Wu has been an active city councilor for six years now. She is from Chicago, Illinois where her parents owned a small business. From there, she journeyed to Boston for college, where she attended Harvard Law School (and, fun fact, was a former student of Sen. Elizabeth Warren). In 2012, she was elected to city council, and as of 2016, is the president of the council.
However, she didn’t really have much of a relationship with public speaking before then. “I’m not naturally very outgoing or loud and never met anyone in politics. I think a lot of what I work on now, it just comes from the sense that I want to help you.”
As for Wu’s road to success, the journey was not easy. From her mother battling mental illness to having to raise her siblings to working at the family business, her life was constantly in motion. But, defying all odds, she graduated as valedictorian from Barrington High School, which led her to Harvard Law School and in the long run her election to the council. 
Wu has proven countless times that she regards community engagement highly. “It's the most important part of being a counselor and trying to make a change,” she says. “What I have learned over my time in government is that you can write laws that change the policies on the books. But unless you're connecting with communities on those issues and empowering people to advocate and then implement the solution, you're not actually changing much.”
As important as it is, community engagement is only the beginning of Wu’s struggles when it comes to Boston’s problems. Currently, Wu is working on getting people active in the Boston Community, such as protesting the new MBTA prices.
“[R]ight now, the traffic is so bad around Boston almost any time of day, any day of the week, that we should be trying to get as many cars off the road and people onto the T as possible.” 
Going back to community engagement, she explains, “we are trying to engage riders. Let people know they can have a voice it's not hopeless and here is very specific things that you can ask for.” 
Her focus on Boston’s problems span far past the MBTA. “I focus on three big issues: income inequality, racial disparities and climate change.” She assures me that the way to solve this problem is yet again the engagement with the affected community. 
“The way to fix all of those three is what we were just talking about; getting people involved to implement the changes that they are already making in their part of the city,” she explains. “[A]lso certain communities in Boston have a much harder time getting to where they need to go, and often the neighborhoods are of the working class and color.”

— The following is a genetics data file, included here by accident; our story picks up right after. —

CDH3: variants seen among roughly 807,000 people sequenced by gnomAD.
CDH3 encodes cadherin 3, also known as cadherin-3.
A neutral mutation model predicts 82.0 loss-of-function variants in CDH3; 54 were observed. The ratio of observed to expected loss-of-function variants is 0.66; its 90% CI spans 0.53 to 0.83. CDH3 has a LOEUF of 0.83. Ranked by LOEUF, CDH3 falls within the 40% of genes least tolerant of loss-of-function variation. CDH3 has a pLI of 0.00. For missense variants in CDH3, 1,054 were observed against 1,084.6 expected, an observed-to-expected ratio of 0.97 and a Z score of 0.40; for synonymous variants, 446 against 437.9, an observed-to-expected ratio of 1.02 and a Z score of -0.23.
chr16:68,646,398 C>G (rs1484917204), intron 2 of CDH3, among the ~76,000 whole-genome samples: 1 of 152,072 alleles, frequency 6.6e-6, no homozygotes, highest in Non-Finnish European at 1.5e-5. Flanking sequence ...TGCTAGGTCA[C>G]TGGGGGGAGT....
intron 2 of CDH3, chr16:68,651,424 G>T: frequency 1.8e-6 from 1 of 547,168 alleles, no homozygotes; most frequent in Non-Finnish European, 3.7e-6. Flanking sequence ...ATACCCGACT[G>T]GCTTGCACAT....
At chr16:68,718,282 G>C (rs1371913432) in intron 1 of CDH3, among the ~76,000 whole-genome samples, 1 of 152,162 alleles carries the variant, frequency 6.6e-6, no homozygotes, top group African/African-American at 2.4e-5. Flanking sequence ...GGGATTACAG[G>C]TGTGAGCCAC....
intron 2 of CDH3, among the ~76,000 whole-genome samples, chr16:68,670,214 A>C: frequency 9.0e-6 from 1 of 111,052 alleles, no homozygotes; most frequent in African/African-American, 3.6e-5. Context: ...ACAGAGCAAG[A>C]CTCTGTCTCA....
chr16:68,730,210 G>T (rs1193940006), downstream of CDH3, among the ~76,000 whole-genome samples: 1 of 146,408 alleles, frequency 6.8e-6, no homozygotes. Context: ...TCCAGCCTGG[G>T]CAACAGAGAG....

Once we finished up, she led me out where a man was waiting for her. After we said our goodbyes, she left with him to possibly and probably engage more people in their communities. Although most of Wu’s current and public political standings were presented in our interview, there is much more to her than what met this interview’s eyes. With a promising future in politics and supporting base that is only growing, more and more Bostonians are becoming confident in her capabilities as a city councilor. 
Read more…
A&E
Percy Jackson Musical ‘The Lightning Thief’ Electrifies Audiences
Chris McCarell as Percy Jackson in "The Lightning Thief" on January 3. / Jeremy Daniel for The Huntington Theatre
Have you ever expected absolutely nothing, then not only be pleasantly surprised but almost immediately enthralled by a theater performance? Well, that feeling and I got pleasantly acquainted Thursday night at the Huntington Theatre during “The Lightning Thief”. 
 For those who haven't read the fantastic Percy Jackson and the Olympians book series, “The Lightning Thief” is about outcast Percy Jackson, a demigod living in New York, and his quest to retrieve Zeus’ stolen lightning bolt from the depths of the Underworld. A pretty tame story as far as Greek mythology goes, but enthralling nonetheless. Along his journey, we’re introduced to a pantheon of characters from  Grover, Percy’s goat-man best friend, to Annabeth Chase, daughter of Athena and brain of the group. Together the unlikely trio is pitted against a “greatest hits” of Greek gods, monsters and titans.
 My biggest concern as both a closeted musical fan and a diehard fan of the Percy Jackson books was the translation from page to stage. How would they handle the fights? The witty dialogue? The very literal presence of gods and monsters? My fears were quickly diminished by the obvious thought and care that was put into this production.  As a musical, “The Lightning Thief” is a rare example of an adaptation that is arguably better than the source material. In particular, the music stood out as entertaining and catchy. A particular favorite was Mr. D’s hilariously negative, “Another Terrible Day,” in which he gives much-needed exposition about the world the play inhabits by describing just how much he hates his life. 

The entire cast's performances deserve commendation, especially Ryan Knowles’ performance as a variety of characters including a centaur.  Through his commanding stage presence and high-energy delivery, his performance made this cynic “LOL” a multitude of times.  The ensemble also deserves recognition, providing no small amount of laughs to an already humorous show along with providing a sense of atmosphere to the definite benefit to the performance overall.
All in all, despite a hit or miss situation, “The Lightning Thief” rarely seemed to miss, with a campy and self-aware, yet heartfelt tone throughout the 110-minute show.  It is not going to change your life, but it's also not going to sour the reputation of a Gen-Z classic, in fact, it may even make you wanna take another crack at the source material. While it still seems utterly bizarre, this is the crossover that gets it right and it’s without a doubt a fantastic way to spend a summer night.